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Music Matters: Lucas Hoge & Dallas Chief Eagle
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Lucas Hoge

Originally from Hubbell, Nebraska (population 44), the country music artist Lucas Hoge’s album Dirty South debuted at No. 5 on Billboard’s overall Country Albums chart.  

“To me, music is a universal language,” says Hoge. “It breaks down barriers for communication in other ways that normally you might not be able to communicate with that person or that group of people. But as soon as you start playing some music, it’s just a different language. It speaks to everyone.”  

Hoge regularly performs for U.S. troops overseas. With many family members in the military, but not feeling “wired” for the military himself, Hoge says he wants to give back by directly thanking and showing his appreciation to servicemen and servicewomen where they are stationed. “The loyalty, the dedication, the sacrifice, that all these men and women do for us is beyond compare. Getting to see exactly what they go through day in and day out intensifies my respect for what they do for us.”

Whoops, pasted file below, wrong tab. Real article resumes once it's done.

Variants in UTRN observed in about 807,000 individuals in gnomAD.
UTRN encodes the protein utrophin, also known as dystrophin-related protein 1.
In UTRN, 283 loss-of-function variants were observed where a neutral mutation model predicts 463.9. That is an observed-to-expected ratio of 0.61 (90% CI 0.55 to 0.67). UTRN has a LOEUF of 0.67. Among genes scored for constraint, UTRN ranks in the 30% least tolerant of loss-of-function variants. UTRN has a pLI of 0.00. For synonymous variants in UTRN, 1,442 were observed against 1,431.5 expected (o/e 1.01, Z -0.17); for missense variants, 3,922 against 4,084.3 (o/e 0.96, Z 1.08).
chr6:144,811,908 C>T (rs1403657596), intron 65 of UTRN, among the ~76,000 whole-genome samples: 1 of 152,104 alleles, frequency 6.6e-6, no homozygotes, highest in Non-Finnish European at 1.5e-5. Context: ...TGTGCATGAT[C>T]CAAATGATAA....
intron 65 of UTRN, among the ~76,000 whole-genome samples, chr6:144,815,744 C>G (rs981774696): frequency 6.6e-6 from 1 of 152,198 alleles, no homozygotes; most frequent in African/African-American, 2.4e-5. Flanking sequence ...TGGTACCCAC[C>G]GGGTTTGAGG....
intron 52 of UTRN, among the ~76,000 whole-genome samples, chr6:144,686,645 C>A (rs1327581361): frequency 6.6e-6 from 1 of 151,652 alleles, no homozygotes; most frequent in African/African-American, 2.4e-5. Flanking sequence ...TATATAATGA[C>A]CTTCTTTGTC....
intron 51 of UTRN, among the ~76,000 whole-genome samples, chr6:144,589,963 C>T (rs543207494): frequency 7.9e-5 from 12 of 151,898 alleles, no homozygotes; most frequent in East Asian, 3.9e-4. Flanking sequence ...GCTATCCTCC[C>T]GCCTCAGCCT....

Dallas Chief Eagle

Dallas Chief Eagle (Rosebud Lakota) is a K-12 art teacher with a Master’s degree in guidance counseling and personal services. A recognized hoop dancer, Chief Eagle presents and teaches stories, dances, and song that help people from all cultures navigate difficulties and face fears . “Our people were very good at developing songs, a language, and a way of life that was very close to nature,” says Chief Eagle. “It was interrupted, so what we are doing ourselves is we are re-emerging that part of our culture in our schools and in our homes.” 

Chief Eagle discusses the spirit that can be found in the world around us, including “Grandpa Rock,” a stone he uses to help students improve self-awareness and self-management exercises. “How does this rock teach us? It’s not moving, so we’re not going to move, we’re not going to make noise. I teach the students how to turn off all the channels in their brain and we go into spirit. Eventually, they can turn off their brain and their spirit gets most of the attention. Then we can start to see nature and other people as spirits and start treating them that way.”  

Watch these intimate portraits and get a taste of each artists’ performance style on SDPB’s Facebook and YouTube.